Welcome to the most amazing video game release of the year! Take on the challenge of navigating1 without any road signs! See if you can steer round the hitchers, carts, bicycles and vultures! And don't let those pesky police get the better of you in this crazy, real-life driving drama! Welcome to Gran Turismo, Cuban-style – don't forget to fasten your seat belts!
Yes, driving in Cuba is like being in a particularly surreal video game, and once you get used to it, it's just as enjoyable. We started our road trip by getting hopelessly lost on our way out of Havana, which is not surprising given that we went wrong within a few hundred metres of leaving our hotel. We'd hoped to go through the tunnel under the Bahía de La Habana and onto the ring road, where we hoped to join the Autopista Nacional – the A1 – to take us all the way to the Bay of Pigs, some 200km to the southeast. Instead we enjoyed an unexpected tour of Havana's extensive docks and ended up in suburbia, where we stopped three times to ask where we could find the autopista, with varying amounts of success. Eventually we happened on a junction with a major, three-lane road, and fishing out our compass (an essential tool for navigating in Cuba) we turned left, heading for the east.
The autopista is like a strange netherworld, populated by characters that you wouldn't believe if they weren't in front of your very eyes. There is almost no traffic on this wide, three-lane motorway, but when you do happen across an obstacle, it's either an ancient 1950s American car, full to overflowing with bouncing locals; a tractor, carrying hay in the opposite direction to the traffic; a big, black vulture picking at something unidentifiable in the middle of the road; or another rental car, which you can spot because it's the only one that looks like it's from this millennium. Adding in a little spice are the young men standing in the fast lane – yes, the fast lane – holding out long strings of onions and motioning for you to slow down, and large numbers of hopeful hitchhikers standing in the slow lane, optimistically thumbing each vehicle down for a lift (as the public transport system is so stretched in Cuba, hitchhiking is the mainstay for most of the population). Finally, there are the potholes, which are there to make sure you don't fall asleep in the long stretches between life forms. It's a gas.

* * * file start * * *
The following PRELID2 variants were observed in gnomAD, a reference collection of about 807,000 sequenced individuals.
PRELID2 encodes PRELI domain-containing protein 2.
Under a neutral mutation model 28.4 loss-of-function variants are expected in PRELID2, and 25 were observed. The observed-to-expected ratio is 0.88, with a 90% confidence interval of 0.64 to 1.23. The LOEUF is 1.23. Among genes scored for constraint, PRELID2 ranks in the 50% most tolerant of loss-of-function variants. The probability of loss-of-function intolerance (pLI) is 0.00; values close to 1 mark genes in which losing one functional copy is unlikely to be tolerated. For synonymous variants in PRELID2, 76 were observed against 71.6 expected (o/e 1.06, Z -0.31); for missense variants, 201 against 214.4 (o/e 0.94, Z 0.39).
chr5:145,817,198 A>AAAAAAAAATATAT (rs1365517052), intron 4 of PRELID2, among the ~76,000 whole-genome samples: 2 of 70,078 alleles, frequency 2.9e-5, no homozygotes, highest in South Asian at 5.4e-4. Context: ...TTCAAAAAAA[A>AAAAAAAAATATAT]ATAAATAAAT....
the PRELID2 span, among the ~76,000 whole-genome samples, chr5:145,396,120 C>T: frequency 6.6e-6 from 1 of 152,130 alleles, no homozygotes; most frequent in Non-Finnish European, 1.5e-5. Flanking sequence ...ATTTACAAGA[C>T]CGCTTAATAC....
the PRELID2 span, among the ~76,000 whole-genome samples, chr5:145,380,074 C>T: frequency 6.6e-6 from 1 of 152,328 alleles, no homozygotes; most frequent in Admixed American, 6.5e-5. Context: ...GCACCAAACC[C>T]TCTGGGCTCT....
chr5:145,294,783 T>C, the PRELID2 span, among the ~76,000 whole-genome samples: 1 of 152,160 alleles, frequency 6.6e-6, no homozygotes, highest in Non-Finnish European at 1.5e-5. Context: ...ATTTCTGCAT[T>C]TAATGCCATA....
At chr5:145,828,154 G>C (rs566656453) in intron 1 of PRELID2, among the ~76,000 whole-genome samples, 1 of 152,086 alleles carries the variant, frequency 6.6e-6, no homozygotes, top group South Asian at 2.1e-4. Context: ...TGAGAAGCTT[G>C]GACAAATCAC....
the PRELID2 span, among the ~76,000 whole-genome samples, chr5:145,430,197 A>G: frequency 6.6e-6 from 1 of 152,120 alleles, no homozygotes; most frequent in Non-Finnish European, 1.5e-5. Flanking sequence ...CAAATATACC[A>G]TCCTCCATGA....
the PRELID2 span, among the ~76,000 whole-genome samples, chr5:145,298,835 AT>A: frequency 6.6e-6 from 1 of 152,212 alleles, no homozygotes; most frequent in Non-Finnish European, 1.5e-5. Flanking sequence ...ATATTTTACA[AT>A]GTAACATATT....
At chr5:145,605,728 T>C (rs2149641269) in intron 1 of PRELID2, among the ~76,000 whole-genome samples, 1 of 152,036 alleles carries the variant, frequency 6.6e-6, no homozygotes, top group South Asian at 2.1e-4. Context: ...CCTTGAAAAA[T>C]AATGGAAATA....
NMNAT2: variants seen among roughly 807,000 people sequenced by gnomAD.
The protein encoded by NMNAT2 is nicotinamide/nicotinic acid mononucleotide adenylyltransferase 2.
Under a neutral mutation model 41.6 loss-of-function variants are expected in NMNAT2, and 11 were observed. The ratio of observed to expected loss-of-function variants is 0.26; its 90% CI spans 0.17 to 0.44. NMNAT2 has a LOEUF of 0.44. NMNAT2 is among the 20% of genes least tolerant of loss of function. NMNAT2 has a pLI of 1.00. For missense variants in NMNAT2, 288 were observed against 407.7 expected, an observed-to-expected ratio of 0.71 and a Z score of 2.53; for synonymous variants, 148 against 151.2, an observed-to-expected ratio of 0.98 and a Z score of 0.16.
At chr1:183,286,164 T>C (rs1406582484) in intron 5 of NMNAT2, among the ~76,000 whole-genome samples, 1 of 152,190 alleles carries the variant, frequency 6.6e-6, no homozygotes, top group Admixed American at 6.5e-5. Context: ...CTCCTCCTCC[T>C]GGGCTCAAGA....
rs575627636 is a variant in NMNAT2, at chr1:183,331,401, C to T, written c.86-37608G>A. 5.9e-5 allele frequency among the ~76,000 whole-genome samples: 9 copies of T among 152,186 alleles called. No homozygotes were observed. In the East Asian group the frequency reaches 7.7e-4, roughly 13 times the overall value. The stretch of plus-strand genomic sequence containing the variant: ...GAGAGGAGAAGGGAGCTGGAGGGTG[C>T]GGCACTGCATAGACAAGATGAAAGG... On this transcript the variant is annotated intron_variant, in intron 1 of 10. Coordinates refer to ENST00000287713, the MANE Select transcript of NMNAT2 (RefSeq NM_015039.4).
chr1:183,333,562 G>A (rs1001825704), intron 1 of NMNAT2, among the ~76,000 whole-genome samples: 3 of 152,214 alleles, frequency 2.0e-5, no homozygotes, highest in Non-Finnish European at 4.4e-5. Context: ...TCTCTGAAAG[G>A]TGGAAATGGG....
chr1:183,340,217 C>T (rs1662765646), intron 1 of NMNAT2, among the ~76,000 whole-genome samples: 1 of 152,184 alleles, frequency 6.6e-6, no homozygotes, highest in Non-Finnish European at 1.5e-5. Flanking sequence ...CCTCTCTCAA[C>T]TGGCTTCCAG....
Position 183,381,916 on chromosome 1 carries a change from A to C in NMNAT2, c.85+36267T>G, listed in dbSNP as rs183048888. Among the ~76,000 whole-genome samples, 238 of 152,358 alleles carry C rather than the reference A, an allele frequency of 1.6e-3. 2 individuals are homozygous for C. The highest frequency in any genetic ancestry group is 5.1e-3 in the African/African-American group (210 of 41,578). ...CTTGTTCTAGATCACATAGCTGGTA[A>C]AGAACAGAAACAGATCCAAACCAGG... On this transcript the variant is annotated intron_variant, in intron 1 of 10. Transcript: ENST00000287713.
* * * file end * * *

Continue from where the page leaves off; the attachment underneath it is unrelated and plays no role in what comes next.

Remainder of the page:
There are also service stations along the way, if that's what you can call the shacks dotted along the side. We stopped at a comparatively grand one that obviously catered for tourists, judging by the postcards, CDs and wooden carvings for sale in the shop. We bought a ham and cheese sandwich each – which proved to be pretty good given the fact that we were in the middle of nowhere – and washed it down with freshly squeezed orange juice, a common theme of roadside stops throughout Cuba. A lame straight-to-TV American cop film blurted out of a distorted television while the odd car shot by outside, and that, it seemed, was the sum of activity on the autopista.
Off the motorway things are made considerably more interesting by a continuing lack of signposts, even larger numbers of tractors, hitchhikers every few metres, and bicycle rickshaws (known as bici-taxis) absolutely everywhere. Bicycles carrying a minumum of two people weave in and out of the side of the road, and you have to give way to them, because with more than two million bicycles in Cuba, they own the road. The potholes get deeper and navigating by compass is the only way to go, and if you're lucky – like we were – you may even get flagged down by a policeman. Ironically he fined us for running a stop sign, which we found rather surprising since the last road sign we'd seen had been at Heathrow... or at least we think he fined us, as he simply took our rental agreement and scribbled on it. We will, no doubt, end up paying a little extra when we hand our car in later, but such is life.
This did throw us a bit, though, because amongst the large population of hitchhikers in Cuba, there are quite a few police. One of the talents of driving in Cuba is deciphering their hand signals; sometimes the police might be flagging you down for a lift, and sometimes they're flagging you down to give you a ticket. We never really worked out which, so we just kept driving, hoping for the best and looking out in vain for signposts.
It gets my vote for game of the month, anyway...
1 If you're planning to use a sat nav in Cuba, then I can highly recommend the Cuba GPS map from the guys at GPS TravelMaps (and they have a great range of maps for other Caribbean and central American destinations too). However, do bear in mind that it's illegal to bring a GPS into Cuba, and if they find one in your luggage, they'll confiscate it and you'll have to reclaim it again on leaving the country... so be warned!